Due to outlying reefs and mangroves, materials could not be landed directly at the site, so a jetty was constructed three miles to the east, a tramway was laid, and materials were transported on trucks drawn by horses. Due to the climate and the grade, only two round trips could be made each day, and construction could only be carried out during the dry season, taking three years.
The Cape Don Lighthouse , Lighthouses of Australia Inc
Point Cloates, Fraser Island - steel lattice tower
A replacement light, a 22 metre steel lattice tower, was built on Fraser Island, a sandy islet just offshore from Point Cloates, in 1936 to replace a sandstone tower. However, in 1966, a storm blew away the islet and the tower collapsed. A replacement GRP cabinet was built about one kilometre south of the original sandstone tower, and its name reverted back to Point Cloates.
Lighthouses built from locally quarried materials
David Armstrong, Gabo Island Lighthouse. Courtesy of Lighthouses of Australia Inc.
Local building materials included locally quarried stone: granite, sandstone and limestone; as well as concrete.
Gabo Island's red granite tower, 1862
At Gabo Island, off the Gippsland coast, Victoria, conditions for keepers attending the first light were hard with poor shelter (built around a wooden tower) and irregular supplies. The current lighthouse was completed in 1862 using red granite quarried on the island. Keepers quarters were improved at this time and again in 1888.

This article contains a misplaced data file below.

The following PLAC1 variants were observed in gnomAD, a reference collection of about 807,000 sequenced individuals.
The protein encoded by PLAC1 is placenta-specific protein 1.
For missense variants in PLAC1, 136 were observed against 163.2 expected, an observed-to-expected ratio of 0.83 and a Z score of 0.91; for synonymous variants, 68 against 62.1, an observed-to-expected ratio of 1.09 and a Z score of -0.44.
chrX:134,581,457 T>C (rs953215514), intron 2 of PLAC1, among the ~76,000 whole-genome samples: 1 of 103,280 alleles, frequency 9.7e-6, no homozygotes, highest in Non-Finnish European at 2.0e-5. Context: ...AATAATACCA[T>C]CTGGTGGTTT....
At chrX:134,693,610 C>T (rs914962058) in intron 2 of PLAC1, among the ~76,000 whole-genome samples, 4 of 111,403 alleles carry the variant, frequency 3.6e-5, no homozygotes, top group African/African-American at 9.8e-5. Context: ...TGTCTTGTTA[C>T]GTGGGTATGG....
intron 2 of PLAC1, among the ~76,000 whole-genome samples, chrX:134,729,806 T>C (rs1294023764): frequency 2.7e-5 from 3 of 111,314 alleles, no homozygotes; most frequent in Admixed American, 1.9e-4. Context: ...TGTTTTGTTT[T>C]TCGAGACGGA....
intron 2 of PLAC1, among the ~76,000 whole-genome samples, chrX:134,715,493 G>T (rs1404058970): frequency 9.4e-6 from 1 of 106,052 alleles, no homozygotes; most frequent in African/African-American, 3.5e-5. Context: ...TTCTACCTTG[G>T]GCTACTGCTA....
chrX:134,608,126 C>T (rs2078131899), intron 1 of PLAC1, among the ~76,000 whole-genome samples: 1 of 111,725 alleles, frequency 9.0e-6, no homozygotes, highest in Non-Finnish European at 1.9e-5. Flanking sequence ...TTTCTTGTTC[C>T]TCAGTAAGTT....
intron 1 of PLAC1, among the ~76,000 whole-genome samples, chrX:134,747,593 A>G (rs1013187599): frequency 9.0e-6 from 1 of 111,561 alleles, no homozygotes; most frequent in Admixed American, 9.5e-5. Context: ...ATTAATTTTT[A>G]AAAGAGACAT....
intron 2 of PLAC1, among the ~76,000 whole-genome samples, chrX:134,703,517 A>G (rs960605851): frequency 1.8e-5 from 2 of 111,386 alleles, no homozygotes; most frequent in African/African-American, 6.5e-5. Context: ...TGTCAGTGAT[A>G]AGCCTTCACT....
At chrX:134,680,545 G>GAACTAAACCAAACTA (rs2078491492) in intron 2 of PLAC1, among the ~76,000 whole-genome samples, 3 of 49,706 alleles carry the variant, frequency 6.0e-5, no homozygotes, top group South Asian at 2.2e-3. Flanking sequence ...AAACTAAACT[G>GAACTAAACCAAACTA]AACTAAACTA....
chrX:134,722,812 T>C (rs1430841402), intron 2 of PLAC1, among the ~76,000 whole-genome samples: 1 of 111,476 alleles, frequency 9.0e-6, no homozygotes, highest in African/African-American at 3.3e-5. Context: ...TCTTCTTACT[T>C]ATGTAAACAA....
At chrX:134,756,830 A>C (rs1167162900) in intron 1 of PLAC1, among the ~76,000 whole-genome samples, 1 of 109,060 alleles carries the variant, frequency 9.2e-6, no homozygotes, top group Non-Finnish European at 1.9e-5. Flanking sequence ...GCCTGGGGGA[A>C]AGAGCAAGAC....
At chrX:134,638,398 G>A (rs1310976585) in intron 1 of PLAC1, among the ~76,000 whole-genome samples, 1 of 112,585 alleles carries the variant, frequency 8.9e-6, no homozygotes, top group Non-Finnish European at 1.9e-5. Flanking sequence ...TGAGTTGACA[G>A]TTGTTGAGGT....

The Wadjemup lighthouse of limestone
Wadjemup Lighthouse was Western Australia's first lighthouse.
The first lighthouse tower on the island was completed in 1849 using Aboriginal convict labour. Though it was 20 metres tall, it was still 3 metres shorter than originally planned and had taken 9 years to build due to poor skills and the penal environment.
The Wadjemup Lighthouse on Rottnest Island , Lighthouses of Australia Inc .
The new tower, also built of limestone, completed in 1896, was designed by W T Douglass, in London, who was also responsible for the Cape Leeuwin light. Construction was under the supervision of the colony's Engineer-in-Chief, C Y O'Connor.
Althorpe Island Lighthouse Station – limestone, sandstone and slate
Althorpe Island Lighthouse Station, South Australia was constructed between 1877 and 1879. The lighthouse was designed by R P Hickson, Engineer-in-Chief for South Australian harbours and jetties.